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Paul Zimnisky forecasts: lab-grown diamond jewelry market will almost double by 2025

In the long-term, man-made diamond growth is expected to be driven by fashion jewelry and use in non-jewelry high-tech applications: Zimnisky

Come 2025, the lab-grown diamond jewellery market will almost double from its current  $2 billion to $4 billion market globally, according to the forecast by the New York-based leading independent diamond industry analyst and consultant, Paul Zimnisky.

In his forecast report shared with TBT, Zimnisky points out that the estimated lab-diamond production for use in jewelry has grown from just a few hundred-thousand polished carats per annum as recently as four years ago to almost 3 million polished carats in 2021 worth almost $2 billion, representing an estimated mid-to-high single-digit percentage of the total global polished diamond market. The figure is forecast to grow to almost $4 billion by 2025.

Since the larger, higher-quality lab-diamond jewelry began hitting the wider consumer market five years ago, production technologies have vastly improved, and that the number of suppliers has greatly multiplied and many retailers have begun to test, and in some cases fully-adopt, the novel product. Industry participants have since segmented into more specific business strategies whether it be the lowest-cost diamond jewelry, carbon-neutral branded-diamonds, or non-jewelry “supermaterial” applications.

In the downstream, it appears that many consumers choosing a lab diamond in the place of a natural diamond are doing so because of the notable price differential. Based on a survey of prices, a consumer can buy a better-than-average-quality 2.15-carat lab-diamond solitaire for the price of an equivalent 1.00-carat natural, stated Zimnisky.

In general, the price differential between generic lab-created and natural diamonds has steadily widened in recent years —in some cases expanding from a 10-15% differential Just a few years ago to as much as 75%-or-more at present, i.e. the differential being the “discount” of a lab-diamond relative to a natural diamond of similar size and quality. While it is likely that some lab-diamond companies will successfully apply branding leverage and other strategies allowing their product to garner a premium to most, especially generic, lab-diamonds, longer-term it is forecasted that a growing amount of lab-diamond jewelry will be marketed with more of a “fashion-jewelry” orientation, i.e. as lower-priced jewelry competing less with higher-priced natural diamond jewelry.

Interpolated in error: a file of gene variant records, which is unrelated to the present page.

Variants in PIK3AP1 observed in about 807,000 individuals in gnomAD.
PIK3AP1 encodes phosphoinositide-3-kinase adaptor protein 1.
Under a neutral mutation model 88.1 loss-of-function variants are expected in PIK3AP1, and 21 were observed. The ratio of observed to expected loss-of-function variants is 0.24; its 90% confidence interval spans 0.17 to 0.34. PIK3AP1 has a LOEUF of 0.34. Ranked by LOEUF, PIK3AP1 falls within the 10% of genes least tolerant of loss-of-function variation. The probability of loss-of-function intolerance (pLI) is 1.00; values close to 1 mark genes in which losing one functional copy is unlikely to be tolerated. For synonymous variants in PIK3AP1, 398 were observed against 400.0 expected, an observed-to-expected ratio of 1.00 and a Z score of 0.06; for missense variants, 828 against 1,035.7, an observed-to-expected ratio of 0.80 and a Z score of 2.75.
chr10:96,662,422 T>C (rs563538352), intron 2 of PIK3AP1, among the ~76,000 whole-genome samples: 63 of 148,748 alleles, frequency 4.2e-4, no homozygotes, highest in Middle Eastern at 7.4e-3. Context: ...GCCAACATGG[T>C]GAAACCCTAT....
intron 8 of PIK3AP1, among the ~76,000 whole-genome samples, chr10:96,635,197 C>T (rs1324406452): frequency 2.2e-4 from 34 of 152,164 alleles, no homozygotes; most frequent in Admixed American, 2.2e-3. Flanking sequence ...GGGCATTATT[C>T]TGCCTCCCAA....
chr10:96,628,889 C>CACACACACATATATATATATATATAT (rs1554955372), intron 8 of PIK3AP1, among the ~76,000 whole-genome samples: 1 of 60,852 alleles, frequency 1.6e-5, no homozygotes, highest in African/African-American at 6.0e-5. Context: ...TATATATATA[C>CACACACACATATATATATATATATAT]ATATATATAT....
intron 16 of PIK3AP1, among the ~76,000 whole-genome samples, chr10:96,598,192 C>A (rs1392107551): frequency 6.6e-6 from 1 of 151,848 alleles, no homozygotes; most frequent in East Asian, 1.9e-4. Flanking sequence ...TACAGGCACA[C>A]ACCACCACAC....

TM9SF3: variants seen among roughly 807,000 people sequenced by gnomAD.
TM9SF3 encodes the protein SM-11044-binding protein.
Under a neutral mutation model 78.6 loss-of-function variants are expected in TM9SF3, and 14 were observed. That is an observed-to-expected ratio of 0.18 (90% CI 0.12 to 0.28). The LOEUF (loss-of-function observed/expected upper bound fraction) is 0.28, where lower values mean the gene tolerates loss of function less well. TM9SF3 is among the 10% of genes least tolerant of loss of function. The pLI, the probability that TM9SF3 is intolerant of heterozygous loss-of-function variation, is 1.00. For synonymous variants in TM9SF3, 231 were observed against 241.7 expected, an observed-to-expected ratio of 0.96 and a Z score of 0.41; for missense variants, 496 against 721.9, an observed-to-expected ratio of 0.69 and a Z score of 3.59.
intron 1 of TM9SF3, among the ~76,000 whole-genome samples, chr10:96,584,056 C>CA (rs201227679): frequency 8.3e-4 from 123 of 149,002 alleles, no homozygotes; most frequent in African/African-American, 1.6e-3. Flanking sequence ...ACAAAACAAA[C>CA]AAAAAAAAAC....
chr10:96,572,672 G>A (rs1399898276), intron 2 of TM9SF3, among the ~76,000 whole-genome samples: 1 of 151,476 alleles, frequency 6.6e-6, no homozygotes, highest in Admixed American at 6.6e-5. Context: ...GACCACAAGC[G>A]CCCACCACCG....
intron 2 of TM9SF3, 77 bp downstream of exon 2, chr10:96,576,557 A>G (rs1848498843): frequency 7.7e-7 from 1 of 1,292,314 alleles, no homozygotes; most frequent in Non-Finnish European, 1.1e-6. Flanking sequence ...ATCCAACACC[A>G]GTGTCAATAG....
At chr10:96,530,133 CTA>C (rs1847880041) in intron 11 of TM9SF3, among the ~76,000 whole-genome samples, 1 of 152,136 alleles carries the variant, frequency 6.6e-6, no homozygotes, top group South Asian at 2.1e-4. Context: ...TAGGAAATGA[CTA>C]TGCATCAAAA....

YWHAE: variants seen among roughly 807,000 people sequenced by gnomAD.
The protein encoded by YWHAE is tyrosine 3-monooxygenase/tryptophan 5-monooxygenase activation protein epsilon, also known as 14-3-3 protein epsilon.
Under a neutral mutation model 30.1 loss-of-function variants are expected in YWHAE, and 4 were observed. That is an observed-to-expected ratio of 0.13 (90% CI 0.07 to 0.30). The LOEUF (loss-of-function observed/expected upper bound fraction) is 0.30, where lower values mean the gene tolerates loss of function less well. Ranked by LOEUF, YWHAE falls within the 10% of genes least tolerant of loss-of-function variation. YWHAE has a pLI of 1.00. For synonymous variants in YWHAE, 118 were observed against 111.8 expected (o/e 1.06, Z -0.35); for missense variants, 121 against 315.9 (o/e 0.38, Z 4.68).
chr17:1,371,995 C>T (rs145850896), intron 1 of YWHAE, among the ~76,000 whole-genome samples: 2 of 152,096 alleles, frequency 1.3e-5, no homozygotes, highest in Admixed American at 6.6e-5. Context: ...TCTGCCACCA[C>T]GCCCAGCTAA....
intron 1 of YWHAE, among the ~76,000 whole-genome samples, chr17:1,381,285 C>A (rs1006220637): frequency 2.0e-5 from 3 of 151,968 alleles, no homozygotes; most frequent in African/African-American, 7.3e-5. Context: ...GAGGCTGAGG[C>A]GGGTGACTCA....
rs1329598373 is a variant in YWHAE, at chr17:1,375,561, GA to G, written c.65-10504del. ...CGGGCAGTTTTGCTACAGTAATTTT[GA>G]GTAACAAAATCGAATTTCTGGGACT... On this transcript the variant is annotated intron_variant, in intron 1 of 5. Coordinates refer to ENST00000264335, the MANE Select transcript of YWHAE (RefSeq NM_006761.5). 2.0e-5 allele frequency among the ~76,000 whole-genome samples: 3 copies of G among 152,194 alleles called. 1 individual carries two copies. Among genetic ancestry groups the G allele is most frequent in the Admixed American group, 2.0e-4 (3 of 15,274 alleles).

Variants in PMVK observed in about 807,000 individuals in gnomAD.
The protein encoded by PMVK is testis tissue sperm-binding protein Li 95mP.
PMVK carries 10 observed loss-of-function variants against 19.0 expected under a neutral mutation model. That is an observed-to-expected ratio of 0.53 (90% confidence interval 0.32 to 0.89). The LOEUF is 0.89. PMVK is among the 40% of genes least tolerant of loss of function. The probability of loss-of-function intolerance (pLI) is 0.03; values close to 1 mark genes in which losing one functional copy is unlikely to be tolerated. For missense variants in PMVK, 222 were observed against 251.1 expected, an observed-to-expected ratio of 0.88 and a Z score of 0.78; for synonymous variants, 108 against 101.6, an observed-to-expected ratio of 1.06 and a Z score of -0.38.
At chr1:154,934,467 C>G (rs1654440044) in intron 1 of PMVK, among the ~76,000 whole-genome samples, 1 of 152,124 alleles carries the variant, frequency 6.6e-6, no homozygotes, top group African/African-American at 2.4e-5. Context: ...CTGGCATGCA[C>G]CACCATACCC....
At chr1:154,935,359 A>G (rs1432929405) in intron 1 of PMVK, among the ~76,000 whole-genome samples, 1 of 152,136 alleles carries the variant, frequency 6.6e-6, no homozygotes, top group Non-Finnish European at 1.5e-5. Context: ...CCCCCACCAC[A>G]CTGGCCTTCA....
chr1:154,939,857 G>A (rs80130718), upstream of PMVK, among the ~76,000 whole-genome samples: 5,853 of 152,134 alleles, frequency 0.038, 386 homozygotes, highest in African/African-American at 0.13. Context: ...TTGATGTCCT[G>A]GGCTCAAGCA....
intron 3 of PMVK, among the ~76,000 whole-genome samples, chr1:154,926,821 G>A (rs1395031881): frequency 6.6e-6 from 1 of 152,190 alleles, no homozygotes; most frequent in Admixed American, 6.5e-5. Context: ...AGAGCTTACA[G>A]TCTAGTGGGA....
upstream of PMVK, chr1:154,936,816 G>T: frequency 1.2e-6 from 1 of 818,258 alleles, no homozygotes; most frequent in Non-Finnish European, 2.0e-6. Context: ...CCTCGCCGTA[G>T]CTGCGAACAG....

Looking longer-term, novel and emerging industrial applications for a diamond are forecasted to drive the man-made diamond industry’s greatest growth, whether it be in advanced thermal management devices, medical equipment, energy storage, or semiconductors —which alone is estimated to be almost a half-trillion-dollar industry. The market size of these applications far exceeds that of jewelry, and the end-user is much more likely to be indiscriminate about whether the diamond is manufactured or natural.

Paul Zimnisky, CFA is a leading independent diamond industry analyst and consultant based in the New York metro area. His research and analysis on the diamond industry are used globally by financial institutions, management consulting firms, private and public corporations, governments, intergovernmental organizations, and universities. More information can be found here. He can be reached at  and followed on Twitter @paulzimnisky.

Please visit the website:  Paul Zimnisky